Close Encounters

Flies can be pollen thieves but plants deal with them

Some plants tackle thieves and pollinators eating pollen by producing enough both to feed visitors and fertilise available ovules.

Pollinators usually have good PR. In the last couple of decades, insect pollinator populations have been declining, causing havoc in ecosystems and for food production. Insect-pollinated plants can maintain higher genetic diversity as the pollinators carry pollen from (likely) the same species, enabling cross-fertilisation across long distances. In return for a visit, the insects can consume or collect some pollen from the plants. 

Sometimes, pollinators can be greedy or wasteful and take more pollen from a plant than they effectively transfer to the next plant. Plants can experience pollen limitation if they do not have enough pollinators or do not receive enough pollen. This limitation leads to fewer seeds. 

Dr Alison Brody and Alexander Burnham from the University of Vermont, with Brittany Smith from the Rocky Mountain Biological Laboratory, investigated if flies are pollen thieves of the normally bumblebee-pollinated towering Jacob’s-ladder (Polemonium foliosissimum) plant in Colorado (USA) and how pollination limitation impacts the populations. 

In the latest study published in Annals of Botany, the researchers hypothesised that if flies (muscids) are pollen thieves, the female P. foliosissimum plants would be more pollen limited and so produce fewer seeds overall compared to the hermaphrodites. Brody and colleagues suggest that pollen limitation is caused by the lack of effective pollinators (bumblebees) rather than the lack of pollen for P. foliosissimum.

Back in 2015, Clarke and Brody surveyed 28 populations around the Elk Mountains in Colorado and found that almost all plants were gynodioecious (hermaphrodite or function only as females). In another study, Clarke and Brody investigated why it might be advantageous for sticky polemoniums to have female plants alongside hermaphrodites – a question that Darwin himself asked centuries ago. Losing the male function (producing pollen) might conserve some resources and enable plants to invest more in seed production. However, female plants rely entirely on pollinators for reproduction. 

A crowd of tall plants shot from below, holding their purple heads of flowers to the sky.
Towering Jacob’s-ladder (Polemonium foliosissimum). Source: Canva

In 2015, Brody and colleagues made detailed observations of pollinators on P. foliosissimum plants around subalpine meadows over two years. The research team collected the stigmas to count conspecific and other pollen grains under the microscope and quantified the pollen from dried anthers. This count allowed the team to quantify how much pollen was deposited by each visitor. 

Next, the researchers manipulated the ratio of hermaphrodites and female plants and removed half of the anthers of some plants to investigate the presence – and effect – of pollen limitation. In the second year of the experiments, the scientists also hand-pollinated plants to “undo” pollination limitation and compared seed production between pollen-removed and hand-pollinated treatments.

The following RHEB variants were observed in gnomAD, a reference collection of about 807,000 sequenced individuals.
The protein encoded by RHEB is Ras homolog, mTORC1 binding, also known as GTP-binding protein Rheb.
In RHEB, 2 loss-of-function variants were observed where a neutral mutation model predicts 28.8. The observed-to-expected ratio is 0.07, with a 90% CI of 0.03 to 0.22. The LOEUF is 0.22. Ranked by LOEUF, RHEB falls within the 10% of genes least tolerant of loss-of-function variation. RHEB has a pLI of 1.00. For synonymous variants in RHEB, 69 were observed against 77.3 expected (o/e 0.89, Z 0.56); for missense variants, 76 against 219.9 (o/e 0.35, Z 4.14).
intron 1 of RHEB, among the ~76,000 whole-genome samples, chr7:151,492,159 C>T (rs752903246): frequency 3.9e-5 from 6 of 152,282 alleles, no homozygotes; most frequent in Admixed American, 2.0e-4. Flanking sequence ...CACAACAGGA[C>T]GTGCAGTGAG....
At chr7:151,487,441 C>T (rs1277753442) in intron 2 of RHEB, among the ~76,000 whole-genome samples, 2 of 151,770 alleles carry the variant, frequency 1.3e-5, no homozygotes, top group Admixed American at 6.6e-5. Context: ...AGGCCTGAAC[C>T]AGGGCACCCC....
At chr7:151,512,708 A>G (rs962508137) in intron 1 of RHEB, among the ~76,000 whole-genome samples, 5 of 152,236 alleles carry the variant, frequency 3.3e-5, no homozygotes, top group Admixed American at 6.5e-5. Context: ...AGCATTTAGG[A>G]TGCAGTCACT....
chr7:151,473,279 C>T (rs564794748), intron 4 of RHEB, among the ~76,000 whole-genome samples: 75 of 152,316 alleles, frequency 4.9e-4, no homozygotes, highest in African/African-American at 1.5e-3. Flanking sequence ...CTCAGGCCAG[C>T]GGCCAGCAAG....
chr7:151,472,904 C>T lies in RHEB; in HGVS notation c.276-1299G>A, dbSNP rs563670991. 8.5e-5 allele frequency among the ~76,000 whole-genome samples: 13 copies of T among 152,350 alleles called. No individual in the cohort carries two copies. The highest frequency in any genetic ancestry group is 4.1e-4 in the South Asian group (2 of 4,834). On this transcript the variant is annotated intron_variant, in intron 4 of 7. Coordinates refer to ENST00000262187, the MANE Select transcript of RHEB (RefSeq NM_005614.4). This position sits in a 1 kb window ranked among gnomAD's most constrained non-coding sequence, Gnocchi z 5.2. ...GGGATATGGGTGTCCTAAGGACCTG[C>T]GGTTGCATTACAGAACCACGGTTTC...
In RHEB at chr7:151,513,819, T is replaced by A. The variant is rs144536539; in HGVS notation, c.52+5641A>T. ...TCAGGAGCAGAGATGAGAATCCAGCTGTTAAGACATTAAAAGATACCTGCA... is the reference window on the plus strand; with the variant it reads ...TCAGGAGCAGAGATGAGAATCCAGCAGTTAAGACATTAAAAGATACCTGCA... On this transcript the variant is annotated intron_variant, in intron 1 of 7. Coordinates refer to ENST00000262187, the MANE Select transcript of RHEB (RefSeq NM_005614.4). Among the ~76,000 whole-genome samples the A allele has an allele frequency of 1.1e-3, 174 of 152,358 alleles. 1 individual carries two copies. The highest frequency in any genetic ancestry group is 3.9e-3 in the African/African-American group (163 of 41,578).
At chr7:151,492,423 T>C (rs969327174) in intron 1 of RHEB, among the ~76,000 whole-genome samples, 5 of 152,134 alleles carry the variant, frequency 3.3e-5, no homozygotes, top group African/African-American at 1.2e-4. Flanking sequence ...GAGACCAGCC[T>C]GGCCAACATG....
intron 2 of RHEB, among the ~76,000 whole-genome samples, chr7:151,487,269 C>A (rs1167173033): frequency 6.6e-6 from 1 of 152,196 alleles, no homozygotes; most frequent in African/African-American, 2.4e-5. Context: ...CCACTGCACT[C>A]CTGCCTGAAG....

A stem held in one hand, so that a brush can be inserted into the centre of a yellow flower. From the angle of the photograph it's not immediately obvious if the brush has pollen on it.
Hand-pollination can be carried out gently with a paint brush. Source: Canva

Flies were the most frequent visitors and deposited less pollen than bumblebees in a single visit. In the first year, plants received 28-32% less pollen when the anthers were removed in the neighbourhood. There was no significant pollen reduction in the second year. Hand-pollination increased the number of seeds for both hermaphrodites and females, and overall, female plants produced the most seeds. 

“We expected that pollen reduction by muscid flies, or experimentally, would exacerbate pollen limitation for P. foliosissimum at our study site,” Brody and colleagues write. 

“[A]lthough both sexes were pollen limited as demonstrated by a significant increase in seeds/fruit when hand pollinated and a marginally significant increase in fruit set, plants were no more pollen limited in neighborhoods where pollen had been reduced than in control neighborhoods […].” The authors conclude, “Thus, for P. foliosissimum, pollen limitation is caused by a lack of effective pollinators as formerly concluded rather than a lack of pollen per se.”

Wind-pollinated and self-compatible plants have different mechanisms around relying on pollinators but are threatened by low genetic diversity. Insect-pollinated plants will be in real trouble if pollinator populations continue to decline in the future. 

“[S]everal bumblebees as well as many other insects are experiencing global declines. As the absolute and relative abundance of legitimate and illegitimate pollinators change, we may expect pollen theft to have larger effects,” Brody and colleagues warn. 

This study has identified flies as pollen thieves of the towering Jacob’s-ladder plant. The research team has shown how detailed observations and sex ratio and/or pollen availability manipulations can find the root of pollination limitation.